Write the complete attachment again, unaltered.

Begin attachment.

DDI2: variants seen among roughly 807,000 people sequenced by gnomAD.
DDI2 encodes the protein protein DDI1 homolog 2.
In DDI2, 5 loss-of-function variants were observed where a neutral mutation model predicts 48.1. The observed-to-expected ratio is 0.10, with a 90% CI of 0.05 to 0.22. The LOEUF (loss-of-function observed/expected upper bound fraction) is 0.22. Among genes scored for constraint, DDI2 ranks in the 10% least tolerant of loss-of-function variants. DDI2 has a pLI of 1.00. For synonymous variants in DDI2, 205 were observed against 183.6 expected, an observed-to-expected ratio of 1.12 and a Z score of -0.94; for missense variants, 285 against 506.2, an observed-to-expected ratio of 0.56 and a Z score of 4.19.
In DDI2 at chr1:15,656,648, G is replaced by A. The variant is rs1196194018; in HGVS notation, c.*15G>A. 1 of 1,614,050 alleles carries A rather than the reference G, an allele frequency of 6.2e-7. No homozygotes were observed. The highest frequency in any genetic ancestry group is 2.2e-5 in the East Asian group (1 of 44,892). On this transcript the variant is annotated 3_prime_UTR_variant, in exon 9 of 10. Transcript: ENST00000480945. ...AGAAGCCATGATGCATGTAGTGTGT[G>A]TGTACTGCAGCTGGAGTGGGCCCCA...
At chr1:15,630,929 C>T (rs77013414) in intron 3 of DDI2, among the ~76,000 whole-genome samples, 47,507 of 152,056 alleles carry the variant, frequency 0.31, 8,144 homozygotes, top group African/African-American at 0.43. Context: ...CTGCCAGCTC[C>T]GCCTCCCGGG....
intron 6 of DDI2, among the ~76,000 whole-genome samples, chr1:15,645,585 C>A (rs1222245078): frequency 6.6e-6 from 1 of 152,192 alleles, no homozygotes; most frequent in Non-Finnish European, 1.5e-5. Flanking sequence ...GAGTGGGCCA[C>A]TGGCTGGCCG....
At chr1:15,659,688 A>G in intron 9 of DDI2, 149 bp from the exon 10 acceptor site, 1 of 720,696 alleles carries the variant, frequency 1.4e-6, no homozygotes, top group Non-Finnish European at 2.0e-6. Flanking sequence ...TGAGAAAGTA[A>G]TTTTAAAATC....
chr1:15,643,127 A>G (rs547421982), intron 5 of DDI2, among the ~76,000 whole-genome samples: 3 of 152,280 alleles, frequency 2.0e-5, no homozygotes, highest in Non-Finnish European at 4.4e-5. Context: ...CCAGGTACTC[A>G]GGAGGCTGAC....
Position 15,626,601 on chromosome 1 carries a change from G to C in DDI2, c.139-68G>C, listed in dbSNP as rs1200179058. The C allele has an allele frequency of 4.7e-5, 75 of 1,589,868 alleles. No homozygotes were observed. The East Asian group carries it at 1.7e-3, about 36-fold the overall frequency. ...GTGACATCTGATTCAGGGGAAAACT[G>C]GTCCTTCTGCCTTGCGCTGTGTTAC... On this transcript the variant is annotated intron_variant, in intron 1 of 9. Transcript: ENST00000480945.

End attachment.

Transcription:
DDI2: variants seen among roughly 807,000 people sequenced by gnomAD.
DDI2 encodes the protein protein DDI1 homolog 2.
In DDI2, 5 loss-of-function variants were observed where a neutral mutation model predicts 48.1. The observed-to-expected ratio is 0.10, with a 90% CI of 0.05 to 0.22. The LOEUF (loss-of-function observed/expected upper bound fraction) is 0.22. Among genes scored for constraint, DDI2 ranks in the 10% least tolerant of loss-of-function variants. DDI2 has a pLI of 1.00. For synonymous variants in DDI2, 205 were observed against 183.6 expected, an observed-to-expected ratio of 1.12 and a Z score of -0.94; for missense variants, 285 against 506.2, an observed-to-expected ratio of 0.56 and a Z score of 4.19.
In DDI2 at chr1:15,656,648, G is replaced by A. The variant is rs1196194018; in HGVS notation, c.*15G>A. 1 of 1,614,050 alleles carries A rather than the reference G, an allele frequency of 6.2e-7. No homozygotes were observed. The highest frequency in any genetic ancestry group is 2.2e-5 in the East Asian group (1 of 44,892). On this transcript the variant is annotated 3_prime_UTR_variant, in exon 9 of 10. Transcript: ENST00000480945. ...AGAAGCCATGATGCATGTAGTGTGT[G>A]TGTACTGCAGCTGGAGTGGGCCCCA...
At chr1:15,630,929 C>T (rs77013414) in intron 3 of DDI2, among the ~76,000 whole-genome samples, 47,507 of 152,056 alleles carry the variant, frequency 0.31, 8,144 homozygotes, top group African/African-American at 0.43. Context: ...CTGCCAGCTC[C>T]GCCTCCCGGG....
intron 6 of DDI2, among the ~76,000 whole-genome samples, chr1:15,645,585 C>A (rs1222245078): frequency 6.6e-6 from 1 of 152,192 alleles, no homozygotes; most frequent in Non-Finnish European, 1.5e-5. Flanking sequence ...GAGTGGGCCA[C>A]TGGCTGGCCG....
At chr1:15,659,688 A>G in intron 9 of DDI2, 149 bp from the exon 10 acceptor site, 1 of 720,696 alleles carries the variant, frequency 1.4e-6, no homozygotes, top group Non-Finnish European at 2.0e-6. Flanking sequence ...TGAGAAAGTA[A>G]TTTTAAAATC....
chr1:15,643,127 A>G (rs547421982), intron 5 of DDI2, among the ~76,000 whole-genome samples: 3 of 152,280 alleles, frequency 2.0e-5, no homozygotes, highest in Non-Finnish European at 4.4e-5. Context: ...CCAGGTACTC[A>G]GGAGGCTGAC....
Position 15,626,601 on chromosome 1 carries a change from G to C in DDI2, c.139-68G>C, listed in dbSNP as rs1200179058. The C allele has an allele frequency of 4.7e-5, 75 of 1,589,868 alleles. No homozygotes were observed. The East Asian group carries it at 1.7e-3, about 36-fold the overall frequency. ...GTGACATCTGATTCAGGGGAAAACT[G>C]GTCCTTCTGCCTTGCGCTGTGTTAC... On this transcript the variant is annotated intron_variant, in intron 1 of 9. Transcript: ENST00000480945.